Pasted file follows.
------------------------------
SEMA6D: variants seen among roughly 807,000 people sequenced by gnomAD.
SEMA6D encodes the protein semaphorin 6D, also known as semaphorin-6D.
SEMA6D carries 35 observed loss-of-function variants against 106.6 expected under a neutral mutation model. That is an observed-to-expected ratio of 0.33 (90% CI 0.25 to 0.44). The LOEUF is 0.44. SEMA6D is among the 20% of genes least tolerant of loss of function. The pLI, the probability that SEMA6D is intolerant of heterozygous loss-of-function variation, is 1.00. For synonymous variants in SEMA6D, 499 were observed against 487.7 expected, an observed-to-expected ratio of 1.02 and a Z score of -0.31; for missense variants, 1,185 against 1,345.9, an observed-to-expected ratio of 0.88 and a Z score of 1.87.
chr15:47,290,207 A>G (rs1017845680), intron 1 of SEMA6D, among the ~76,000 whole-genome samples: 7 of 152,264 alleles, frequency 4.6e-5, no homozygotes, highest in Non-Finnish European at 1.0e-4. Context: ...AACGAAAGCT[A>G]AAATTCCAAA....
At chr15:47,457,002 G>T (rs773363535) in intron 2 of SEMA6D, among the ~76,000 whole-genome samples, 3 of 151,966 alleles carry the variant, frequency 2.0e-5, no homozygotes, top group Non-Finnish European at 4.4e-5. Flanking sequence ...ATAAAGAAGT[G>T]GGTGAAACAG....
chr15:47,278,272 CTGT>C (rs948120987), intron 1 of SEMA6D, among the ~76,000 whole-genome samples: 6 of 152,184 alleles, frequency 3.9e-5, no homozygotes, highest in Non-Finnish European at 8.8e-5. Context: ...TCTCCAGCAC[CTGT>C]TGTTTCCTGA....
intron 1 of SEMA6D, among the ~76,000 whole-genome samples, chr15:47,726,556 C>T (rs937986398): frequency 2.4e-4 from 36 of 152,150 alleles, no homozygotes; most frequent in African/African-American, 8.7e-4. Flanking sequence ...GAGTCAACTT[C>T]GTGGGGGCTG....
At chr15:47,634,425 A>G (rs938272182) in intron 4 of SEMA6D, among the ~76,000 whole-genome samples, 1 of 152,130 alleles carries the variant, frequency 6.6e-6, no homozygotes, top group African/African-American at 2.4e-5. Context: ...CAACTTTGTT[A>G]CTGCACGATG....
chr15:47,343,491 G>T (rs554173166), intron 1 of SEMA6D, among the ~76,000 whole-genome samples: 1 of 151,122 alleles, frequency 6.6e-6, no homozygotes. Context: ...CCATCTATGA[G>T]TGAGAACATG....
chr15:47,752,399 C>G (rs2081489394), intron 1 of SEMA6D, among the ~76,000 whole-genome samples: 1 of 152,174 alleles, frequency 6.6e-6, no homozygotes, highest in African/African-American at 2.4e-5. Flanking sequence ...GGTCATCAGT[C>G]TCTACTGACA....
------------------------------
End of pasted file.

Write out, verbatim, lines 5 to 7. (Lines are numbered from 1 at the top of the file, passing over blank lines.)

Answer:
At chr15:47,457,002 G>T (rs773363535) in intron 2 of SEMA6D, among the ~76,000 whole-genome samples, 3 of 151,966 alleles carry the variant, frequency 2.0e-5, no homozygotes, top group Non-Finnish European at 4.4e-5. Flanking sequence ...ATAAAGAAGT[G>T]GGTGAAACAG....
chr15:47,278,272 CTGT>C (rs948120987), intron 1 of SEMA6D, among the ~76,000 whole-genome samples: 6 of 152,184 alleles, frequency 3.9e-5, no homozygotes, highest in Non-Finnish European at 8.8e-5. Context: ...TCTCCAGCAC[CTGT>C]TGTTTCCTGA....
intron 1 of SEMA6D, among the ~76,000 whole-genome samples, chr15:47,726,556 C>T (rs937986398): frequency 2.4e-4 from 36 of 152,150 alleles, no homozygotes; most frequent in African/African-American, 8.7e-4. Flanking sequence ...GAGTCAACTT[C>T]GTGGGGGCTG....